2.      Submissives may agree to keep a journal of their desires, fantasies, and post-session impressions and feelings to share with their Dominant, so their Dominant can continue to guide the submissive in a healthy manner.

HOW THIS HELPS: Being required to keep a journal of one’s deepest desires and feeling initiates a powerful process of self-reflection. Sharing our innermost fantasies and thoughts requires first acknowledging that we have them, and then necessitates holding any shame at bay long enough to put pen to paper. It is a profound act of self-love. Sometimes, writing about our erotic impressions and desires is a bit easier than speaking them out loud, and can function as a way to practice intimate sharing in a way that is less scary. Having a Dominant who encourages the process, and who takes the time to read your thoughts and offer neutral feedback, can make revealing yourself in that way far more comfortable over time. Negativity festers in the darkness, so this process of bringing our perceived darkness to light and having someone be a non-judgemental witness (and not run away screaming, as is our fear), can be a huge boost to our self-esteem.

3.      Submissives may agree to regularly articulate their boundaries and limits in order to guide the parameters of the play, and to use a safe-word if necessary during a scene to stop the play.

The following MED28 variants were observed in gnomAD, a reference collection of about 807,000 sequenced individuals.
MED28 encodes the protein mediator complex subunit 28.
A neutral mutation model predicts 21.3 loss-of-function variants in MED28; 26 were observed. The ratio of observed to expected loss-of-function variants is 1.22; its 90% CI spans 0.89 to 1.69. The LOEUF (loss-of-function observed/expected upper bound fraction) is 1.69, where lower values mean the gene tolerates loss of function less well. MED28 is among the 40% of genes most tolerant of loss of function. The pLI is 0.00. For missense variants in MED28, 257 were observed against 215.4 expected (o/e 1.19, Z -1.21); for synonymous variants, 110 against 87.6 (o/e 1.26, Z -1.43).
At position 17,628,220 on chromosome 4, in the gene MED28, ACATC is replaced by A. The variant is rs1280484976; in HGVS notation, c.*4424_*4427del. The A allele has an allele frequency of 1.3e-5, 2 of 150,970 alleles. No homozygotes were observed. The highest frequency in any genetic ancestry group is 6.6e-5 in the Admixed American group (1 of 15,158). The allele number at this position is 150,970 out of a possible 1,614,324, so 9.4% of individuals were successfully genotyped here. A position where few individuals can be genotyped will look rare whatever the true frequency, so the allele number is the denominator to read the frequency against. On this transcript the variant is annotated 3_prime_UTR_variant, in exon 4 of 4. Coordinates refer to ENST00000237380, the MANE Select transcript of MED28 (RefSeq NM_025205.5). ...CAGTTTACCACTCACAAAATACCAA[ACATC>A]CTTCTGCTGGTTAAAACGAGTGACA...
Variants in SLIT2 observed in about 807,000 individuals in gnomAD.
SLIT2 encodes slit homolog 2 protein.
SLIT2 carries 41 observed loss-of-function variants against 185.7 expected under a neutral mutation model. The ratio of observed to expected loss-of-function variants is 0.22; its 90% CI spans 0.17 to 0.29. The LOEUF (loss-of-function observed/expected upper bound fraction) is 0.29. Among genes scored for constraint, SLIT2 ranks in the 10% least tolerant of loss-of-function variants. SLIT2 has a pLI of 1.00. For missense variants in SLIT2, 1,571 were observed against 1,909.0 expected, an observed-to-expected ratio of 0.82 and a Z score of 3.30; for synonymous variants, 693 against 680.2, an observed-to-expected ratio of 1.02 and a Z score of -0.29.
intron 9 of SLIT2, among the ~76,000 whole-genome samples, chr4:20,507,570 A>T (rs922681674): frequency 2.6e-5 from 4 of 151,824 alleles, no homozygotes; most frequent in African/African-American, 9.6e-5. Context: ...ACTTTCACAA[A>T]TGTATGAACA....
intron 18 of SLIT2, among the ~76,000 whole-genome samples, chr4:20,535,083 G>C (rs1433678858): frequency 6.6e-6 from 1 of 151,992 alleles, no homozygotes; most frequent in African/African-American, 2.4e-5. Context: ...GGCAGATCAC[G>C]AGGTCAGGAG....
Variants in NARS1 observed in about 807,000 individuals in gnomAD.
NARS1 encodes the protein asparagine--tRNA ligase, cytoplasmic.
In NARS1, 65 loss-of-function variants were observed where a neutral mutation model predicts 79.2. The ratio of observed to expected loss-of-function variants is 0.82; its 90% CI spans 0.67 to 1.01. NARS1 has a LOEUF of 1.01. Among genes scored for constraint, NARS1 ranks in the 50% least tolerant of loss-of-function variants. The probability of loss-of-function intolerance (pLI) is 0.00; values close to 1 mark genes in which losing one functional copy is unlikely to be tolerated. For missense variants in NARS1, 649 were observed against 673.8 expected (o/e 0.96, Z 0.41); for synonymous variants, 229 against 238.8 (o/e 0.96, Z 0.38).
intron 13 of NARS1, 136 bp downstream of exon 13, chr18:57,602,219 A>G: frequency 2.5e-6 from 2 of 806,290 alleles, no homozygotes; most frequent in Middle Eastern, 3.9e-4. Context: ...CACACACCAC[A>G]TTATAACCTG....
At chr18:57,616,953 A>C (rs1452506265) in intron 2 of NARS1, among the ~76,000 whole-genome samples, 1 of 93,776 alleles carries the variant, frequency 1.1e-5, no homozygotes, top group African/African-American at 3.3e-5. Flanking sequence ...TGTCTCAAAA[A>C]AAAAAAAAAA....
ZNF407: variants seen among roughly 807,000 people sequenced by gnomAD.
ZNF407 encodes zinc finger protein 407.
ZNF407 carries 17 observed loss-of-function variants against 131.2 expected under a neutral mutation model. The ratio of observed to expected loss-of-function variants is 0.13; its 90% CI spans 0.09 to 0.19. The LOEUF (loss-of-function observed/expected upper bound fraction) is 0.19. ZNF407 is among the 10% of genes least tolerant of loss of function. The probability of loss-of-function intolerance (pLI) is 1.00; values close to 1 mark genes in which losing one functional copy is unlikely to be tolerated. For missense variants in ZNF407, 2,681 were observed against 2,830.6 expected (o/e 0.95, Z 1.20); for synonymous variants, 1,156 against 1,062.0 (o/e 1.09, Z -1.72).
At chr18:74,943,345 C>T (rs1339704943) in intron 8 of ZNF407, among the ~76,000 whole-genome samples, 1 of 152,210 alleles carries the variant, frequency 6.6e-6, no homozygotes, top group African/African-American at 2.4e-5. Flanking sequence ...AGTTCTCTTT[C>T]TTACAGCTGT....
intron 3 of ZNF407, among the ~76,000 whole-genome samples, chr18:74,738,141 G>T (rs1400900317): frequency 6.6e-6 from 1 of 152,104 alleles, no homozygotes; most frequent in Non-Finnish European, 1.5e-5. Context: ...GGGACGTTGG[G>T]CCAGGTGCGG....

HOW THIS HELPS: Many people who do not like or love themselves have an exceedingly difficult time setting healthy boundaries. Often, they believe they are not worthy of demanding that kind of protection for themselves. Consensual D/s is very difficult to do if those involved are not willing to express their limits or speak up on their own behalf when something is not okay, so having explicit discussions about limits built into the dynamic can begin to teach that process to someone who isn’t used to it. In addition, when a person uses a safe-word during a scene and that hard line is respected by their play partner, it strengthens their sense of confidence in their ability to advocate on their own behalf. Beginning to treat the self with the same respect that one might treat other people is a definite marker of growing self-esteem.

While change may not happen overnight, regular engagement with D/s parameters executed bit by bit with someone you trust can be an incredibly effective way to build up your confidence and feel better about yourself. It might be scary or difficult at first but eventually you will notice positive changes that will spill over into other areas of your life.